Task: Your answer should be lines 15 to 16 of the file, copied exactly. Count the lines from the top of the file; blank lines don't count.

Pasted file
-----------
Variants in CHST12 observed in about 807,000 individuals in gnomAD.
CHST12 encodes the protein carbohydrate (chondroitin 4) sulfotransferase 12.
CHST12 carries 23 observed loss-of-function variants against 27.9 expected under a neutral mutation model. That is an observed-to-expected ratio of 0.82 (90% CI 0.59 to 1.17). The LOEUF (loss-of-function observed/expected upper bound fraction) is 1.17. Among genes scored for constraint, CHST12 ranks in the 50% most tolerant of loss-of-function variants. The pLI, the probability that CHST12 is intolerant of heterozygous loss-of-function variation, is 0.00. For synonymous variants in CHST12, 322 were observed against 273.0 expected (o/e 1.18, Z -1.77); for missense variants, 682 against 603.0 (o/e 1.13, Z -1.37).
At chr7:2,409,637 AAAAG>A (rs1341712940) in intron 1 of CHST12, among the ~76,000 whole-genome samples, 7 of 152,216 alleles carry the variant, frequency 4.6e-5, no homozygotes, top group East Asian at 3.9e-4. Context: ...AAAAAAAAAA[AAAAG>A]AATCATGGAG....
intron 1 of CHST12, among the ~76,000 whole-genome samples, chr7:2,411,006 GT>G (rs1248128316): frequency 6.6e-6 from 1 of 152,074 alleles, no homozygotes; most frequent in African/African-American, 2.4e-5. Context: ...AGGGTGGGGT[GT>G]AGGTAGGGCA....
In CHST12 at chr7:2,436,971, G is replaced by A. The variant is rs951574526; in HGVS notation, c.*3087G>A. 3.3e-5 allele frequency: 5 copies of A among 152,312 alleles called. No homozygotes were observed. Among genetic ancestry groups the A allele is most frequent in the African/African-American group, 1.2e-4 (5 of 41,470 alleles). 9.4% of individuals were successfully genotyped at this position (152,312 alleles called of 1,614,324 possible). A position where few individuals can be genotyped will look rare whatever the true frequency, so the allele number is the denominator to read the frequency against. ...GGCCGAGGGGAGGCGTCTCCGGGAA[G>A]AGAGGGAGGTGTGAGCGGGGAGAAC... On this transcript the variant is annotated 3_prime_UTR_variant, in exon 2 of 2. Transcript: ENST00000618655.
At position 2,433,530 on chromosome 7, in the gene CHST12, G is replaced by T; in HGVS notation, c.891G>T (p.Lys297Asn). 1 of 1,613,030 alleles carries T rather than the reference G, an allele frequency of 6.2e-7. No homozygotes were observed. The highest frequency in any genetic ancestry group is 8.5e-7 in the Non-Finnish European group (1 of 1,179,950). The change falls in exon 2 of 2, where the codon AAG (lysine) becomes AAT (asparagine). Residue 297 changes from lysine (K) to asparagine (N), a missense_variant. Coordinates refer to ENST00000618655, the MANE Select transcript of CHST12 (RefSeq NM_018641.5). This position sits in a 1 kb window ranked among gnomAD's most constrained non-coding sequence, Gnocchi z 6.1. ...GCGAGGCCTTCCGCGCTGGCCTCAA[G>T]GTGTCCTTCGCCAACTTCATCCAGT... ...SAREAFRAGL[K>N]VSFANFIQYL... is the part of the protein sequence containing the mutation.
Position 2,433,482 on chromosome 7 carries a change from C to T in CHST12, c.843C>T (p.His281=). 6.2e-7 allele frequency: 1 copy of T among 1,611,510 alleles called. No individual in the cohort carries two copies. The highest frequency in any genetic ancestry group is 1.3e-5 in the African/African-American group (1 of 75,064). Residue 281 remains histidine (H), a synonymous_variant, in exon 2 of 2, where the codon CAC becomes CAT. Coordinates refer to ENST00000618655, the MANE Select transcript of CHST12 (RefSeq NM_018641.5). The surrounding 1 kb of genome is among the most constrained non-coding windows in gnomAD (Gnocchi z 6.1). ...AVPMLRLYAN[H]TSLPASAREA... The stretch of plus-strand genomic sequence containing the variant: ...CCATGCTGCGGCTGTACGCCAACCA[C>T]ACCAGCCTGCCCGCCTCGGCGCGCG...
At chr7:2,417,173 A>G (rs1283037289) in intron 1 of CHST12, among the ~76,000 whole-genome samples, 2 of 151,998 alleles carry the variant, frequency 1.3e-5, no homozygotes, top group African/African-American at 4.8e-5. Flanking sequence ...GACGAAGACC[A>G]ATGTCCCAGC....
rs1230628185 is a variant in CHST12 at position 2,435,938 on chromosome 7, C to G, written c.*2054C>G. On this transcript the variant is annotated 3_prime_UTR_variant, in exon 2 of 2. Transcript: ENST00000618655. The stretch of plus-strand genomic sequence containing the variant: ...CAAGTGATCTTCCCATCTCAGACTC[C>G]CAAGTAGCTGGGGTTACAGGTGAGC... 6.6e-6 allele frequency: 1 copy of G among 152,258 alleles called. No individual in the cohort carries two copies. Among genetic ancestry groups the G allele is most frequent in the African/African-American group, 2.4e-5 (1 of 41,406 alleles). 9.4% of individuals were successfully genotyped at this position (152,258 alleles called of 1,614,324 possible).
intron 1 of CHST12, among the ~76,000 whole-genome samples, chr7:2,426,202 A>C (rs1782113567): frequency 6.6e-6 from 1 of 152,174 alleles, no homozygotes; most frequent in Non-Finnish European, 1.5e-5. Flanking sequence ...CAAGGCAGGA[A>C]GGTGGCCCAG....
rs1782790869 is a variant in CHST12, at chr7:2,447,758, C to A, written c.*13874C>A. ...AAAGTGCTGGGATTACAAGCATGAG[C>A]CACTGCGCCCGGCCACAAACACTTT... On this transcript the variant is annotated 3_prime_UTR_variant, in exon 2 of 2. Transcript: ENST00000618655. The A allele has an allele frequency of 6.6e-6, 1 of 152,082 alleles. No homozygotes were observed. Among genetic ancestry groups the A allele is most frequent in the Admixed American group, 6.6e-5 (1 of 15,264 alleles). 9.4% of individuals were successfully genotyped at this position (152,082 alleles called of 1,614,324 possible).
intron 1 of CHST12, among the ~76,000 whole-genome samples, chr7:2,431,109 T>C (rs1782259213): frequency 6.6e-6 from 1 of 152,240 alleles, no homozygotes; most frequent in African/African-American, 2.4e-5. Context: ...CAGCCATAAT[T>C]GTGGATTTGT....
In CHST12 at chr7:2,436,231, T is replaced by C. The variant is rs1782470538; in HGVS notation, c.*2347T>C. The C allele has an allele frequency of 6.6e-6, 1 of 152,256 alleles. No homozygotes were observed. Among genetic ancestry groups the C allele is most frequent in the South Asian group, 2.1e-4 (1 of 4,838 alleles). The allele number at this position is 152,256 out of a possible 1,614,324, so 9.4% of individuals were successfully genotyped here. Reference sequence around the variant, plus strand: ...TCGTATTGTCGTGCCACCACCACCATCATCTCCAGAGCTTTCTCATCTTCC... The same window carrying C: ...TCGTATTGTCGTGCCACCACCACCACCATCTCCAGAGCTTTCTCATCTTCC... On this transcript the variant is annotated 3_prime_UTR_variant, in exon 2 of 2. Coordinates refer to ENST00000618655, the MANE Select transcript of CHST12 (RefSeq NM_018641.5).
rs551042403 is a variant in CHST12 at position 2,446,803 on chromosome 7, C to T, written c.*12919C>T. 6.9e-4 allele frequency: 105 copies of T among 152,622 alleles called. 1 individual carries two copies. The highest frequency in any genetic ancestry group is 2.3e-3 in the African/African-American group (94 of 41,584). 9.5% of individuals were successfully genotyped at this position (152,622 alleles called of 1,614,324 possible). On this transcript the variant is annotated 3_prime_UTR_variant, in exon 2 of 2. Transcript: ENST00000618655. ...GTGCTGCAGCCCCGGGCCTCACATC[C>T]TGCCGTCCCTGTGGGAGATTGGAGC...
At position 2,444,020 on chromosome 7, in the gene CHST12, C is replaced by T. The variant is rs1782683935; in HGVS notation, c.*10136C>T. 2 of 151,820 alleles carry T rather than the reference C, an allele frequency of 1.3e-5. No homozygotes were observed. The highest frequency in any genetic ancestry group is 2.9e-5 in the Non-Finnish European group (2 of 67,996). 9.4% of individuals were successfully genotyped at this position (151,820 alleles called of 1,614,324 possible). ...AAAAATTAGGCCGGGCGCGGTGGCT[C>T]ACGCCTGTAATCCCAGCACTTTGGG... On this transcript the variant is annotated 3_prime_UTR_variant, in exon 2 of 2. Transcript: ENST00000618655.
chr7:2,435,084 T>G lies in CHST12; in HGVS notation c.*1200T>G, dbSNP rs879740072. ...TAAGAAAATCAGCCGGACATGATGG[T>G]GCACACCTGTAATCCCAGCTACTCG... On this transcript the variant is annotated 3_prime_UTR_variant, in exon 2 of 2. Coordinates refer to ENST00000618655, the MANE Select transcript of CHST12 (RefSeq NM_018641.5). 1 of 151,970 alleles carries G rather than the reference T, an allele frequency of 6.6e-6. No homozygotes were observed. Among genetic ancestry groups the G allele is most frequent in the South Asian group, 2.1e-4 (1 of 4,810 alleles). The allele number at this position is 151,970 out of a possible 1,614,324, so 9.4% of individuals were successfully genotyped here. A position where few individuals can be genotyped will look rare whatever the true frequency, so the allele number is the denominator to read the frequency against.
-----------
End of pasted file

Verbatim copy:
rs551042403 is a variant in CHST12 at position 2,446,803 on chromosome 7, C to T, written c.*12919C>T. 6.9e-4 allele frequency: 105 copies of T among 152,622 alleles called. 1 individual carries two copies. The highest frequency in any genetic ancestry group is 2.3e-3 in the African/African-American group (94 of 41,584). 9.5% of individuals were successfully genotyped at this position (152,622 alleles called of 1,614,324 possible). On this transcript the variant is annotated 3_prime_UTR_variant, in exon 2 of 2. Transcript: ENST00000618655. ...GTGCTGCAGCCCCGGGCCTCACATC[C>T]TGCCGTCCCTGTGGGAGATTGGAGC...
At position 2,444,020 on chromosome 7, in the gene CHST12, C is replaced by T. The variant is rs1782683935; in HGVS notation, c.*10136C>T. 2 of 151,820 alleles carry T rather than the reference C, an allele frequency of 1.3e-5. No homozygotes were observed. The highest frequency in any genetic ancestry group is 2.9e-5 in the Non-Finnish European group (2 of 67,996). 9.4% of individuals were successfully genotyped at this position (151,820 alleles called of 1,614,324 possible). ...AAAAATTAGGCCGGGCGCGGTGGCT[C>T]ACGCCTGTAATCCCAGCACTTTGGG... On this transcript the variant is annotated 3_prime_UTR_variant, in exon 2 of 2. Transcript: ENST00000618655.